(Content warning: descriptions of anxiety attacks and autistic meltdowns)
This is only the second post here on Subtle Writes, but it is going to be a venting post I’m afraid as I need to compile my thoughts based on an event that happened recently that is really stressing me out. It’s themed around social anxiety and the telephone.
Social anxiety is one of those things that many people, especially those on the autistic spectrum, will carry with them during their lives. For me, I’m one of the lucky ones whom has had their confidence/skill blossom throughout the last five years. It still is bad in some aspects, but one area that I still seriously struggle in is using the telephone. I am fine with people I know like my family and the doctors (and even then, that took a LOT of work on the part of my mum helping me get the confidence I needed to phone them) however for total strangers the anxiety can be debilitating. I can stress out, freeze in place, panic and begin to overthink the situation. Badly.
Let’s take a step back to explain some background. I need to acquire an important document and I need to fill in an application form in order to acquire it. I have some enquiries I need to ask to ensure that I am on the right track, as there are a few things I needed to clarify. If I fill in the application wrong, they will reject the forms but not give me a specific reason for the rejection. There are four general reasons as to the rejection given on their website but that is all the information that is available to the general public.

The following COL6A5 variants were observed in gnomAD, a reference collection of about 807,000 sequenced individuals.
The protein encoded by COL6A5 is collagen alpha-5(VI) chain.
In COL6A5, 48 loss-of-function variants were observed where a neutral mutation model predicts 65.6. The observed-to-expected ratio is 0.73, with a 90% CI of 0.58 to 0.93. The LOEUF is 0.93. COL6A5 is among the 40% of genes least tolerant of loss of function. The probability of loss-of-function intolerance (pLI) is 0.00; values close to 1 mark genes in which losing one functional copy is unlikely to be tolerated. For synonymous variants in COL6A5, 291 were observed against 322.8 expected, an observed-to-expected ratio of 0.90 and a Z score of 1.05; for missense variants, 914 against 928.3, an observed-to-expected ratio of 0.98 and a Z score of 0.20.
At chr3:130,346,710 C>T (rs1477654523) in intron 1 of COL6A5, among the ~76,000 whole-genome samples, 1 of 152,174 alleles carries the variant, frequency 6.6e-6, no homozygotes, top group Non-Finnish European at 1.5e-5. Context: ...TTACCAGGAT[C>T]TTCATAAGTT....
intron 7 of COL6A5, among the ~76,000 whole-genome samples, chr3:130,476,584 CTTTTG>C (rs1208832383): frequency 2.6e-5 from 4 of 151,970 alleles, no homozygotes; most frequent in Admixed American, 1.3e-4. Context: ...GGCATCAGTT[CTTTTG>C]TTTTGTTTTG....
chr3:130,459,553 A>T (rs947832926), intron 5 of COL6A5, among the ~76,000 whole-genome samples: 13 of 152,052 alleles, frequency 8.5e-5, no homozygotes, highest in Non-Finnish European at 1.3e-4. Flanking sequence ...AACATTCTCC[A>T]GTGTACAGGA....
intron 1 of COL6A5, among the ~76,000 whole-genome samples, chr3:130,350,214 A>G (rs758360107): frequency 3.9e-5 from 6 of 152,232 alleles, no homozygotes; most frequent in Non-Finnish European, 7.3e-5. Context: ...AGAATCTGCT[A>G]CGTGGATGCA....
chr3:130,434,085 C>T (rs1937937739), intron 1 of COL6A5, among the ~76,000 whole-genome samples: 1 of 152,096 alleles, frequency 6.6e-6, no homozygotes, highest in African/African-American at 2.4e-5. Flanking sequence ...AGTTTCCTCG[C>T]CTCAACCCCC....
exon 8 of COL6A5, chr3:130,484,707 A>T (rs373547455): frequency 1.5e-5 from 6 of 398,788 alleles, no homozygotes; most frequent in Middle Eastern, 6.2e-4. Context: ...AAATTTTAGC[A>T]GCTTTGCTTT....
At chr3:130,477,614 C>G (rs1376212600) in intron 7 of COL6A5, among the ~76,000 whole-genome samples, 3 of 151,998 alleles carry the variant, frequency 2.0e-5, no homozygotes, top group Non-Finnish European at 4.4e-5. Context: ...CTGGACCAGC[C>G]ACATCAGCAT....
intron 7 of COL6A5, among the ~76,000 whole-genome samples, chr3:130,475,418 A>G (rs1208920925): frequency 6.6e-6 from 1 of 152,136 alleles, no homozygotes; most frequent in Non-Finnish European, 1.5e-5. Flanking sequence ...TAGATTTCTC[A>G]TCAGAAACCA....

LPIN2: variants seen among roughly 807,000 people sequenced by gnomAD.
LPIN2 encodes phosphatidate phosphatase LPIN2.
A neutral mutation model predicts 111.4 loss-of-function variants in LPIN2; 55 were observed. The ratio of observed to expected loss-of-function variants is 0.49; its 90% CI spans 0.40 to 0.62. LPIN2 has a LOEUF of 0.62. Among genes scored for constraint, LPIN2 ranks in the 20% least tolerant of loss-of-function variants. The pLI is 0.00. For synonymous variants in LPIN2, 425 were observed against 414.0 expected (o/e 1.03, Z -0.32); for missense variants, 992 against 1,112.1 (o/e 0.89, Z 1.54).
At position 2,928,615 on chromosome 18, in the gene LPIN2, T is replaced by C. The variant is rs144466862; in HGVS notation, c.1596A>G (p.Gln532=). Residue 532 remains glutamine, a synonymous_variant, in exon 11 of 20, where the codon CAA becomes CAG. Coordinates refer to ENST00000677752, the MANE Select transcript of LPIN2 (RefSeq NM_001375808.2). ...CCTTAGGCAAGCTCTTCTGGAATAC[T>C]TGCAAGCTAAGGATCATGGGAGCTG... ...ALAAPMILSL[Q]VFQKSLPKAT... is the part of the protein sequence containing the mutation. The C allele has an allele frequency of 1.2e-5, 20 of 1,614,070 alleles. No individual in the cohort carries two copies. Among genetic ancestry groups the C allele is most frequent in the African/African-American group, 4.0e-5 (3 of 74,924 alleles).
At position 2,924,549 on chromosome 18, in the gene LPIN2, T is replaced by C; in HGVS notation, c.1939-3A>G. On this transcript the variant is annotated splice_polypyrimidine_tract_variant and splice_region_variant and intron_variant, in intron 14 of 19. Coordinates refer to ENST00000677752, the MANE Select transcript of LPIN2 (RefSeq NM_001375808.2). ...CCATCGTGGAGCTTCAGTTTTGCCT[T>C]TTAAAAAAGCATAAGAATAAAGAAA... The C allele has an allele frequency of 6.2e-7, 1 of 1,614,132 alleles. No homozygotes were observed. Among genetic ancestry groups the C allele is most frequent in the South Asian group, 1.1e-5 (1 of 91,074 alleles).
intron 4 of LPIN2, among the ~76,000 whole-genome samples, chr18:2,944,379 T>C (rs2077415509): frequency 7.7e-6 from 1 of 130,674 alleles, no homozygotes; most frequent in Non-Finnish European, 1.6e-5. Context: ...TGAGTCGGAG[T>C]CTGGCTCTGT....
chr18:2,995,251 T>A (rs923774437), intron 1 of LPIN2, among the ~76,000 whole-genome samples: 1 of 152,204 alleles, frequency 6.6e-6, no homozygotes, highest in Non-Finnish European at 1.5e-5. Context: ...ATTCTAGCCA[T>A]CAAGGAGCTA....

The only options that I am able to contact them with enquiries is over the phone or via fax, but not over email. In fact, even on the website it states in bold red letters that they will not accept enquiries about this certain document over email. Why would any organisation in a developed country not accept enquiries over email? Email is (especially for my generation) the dominant method for formal written communication with pretty much everything else being done over SMS and social media. Fax is simply irrelvant.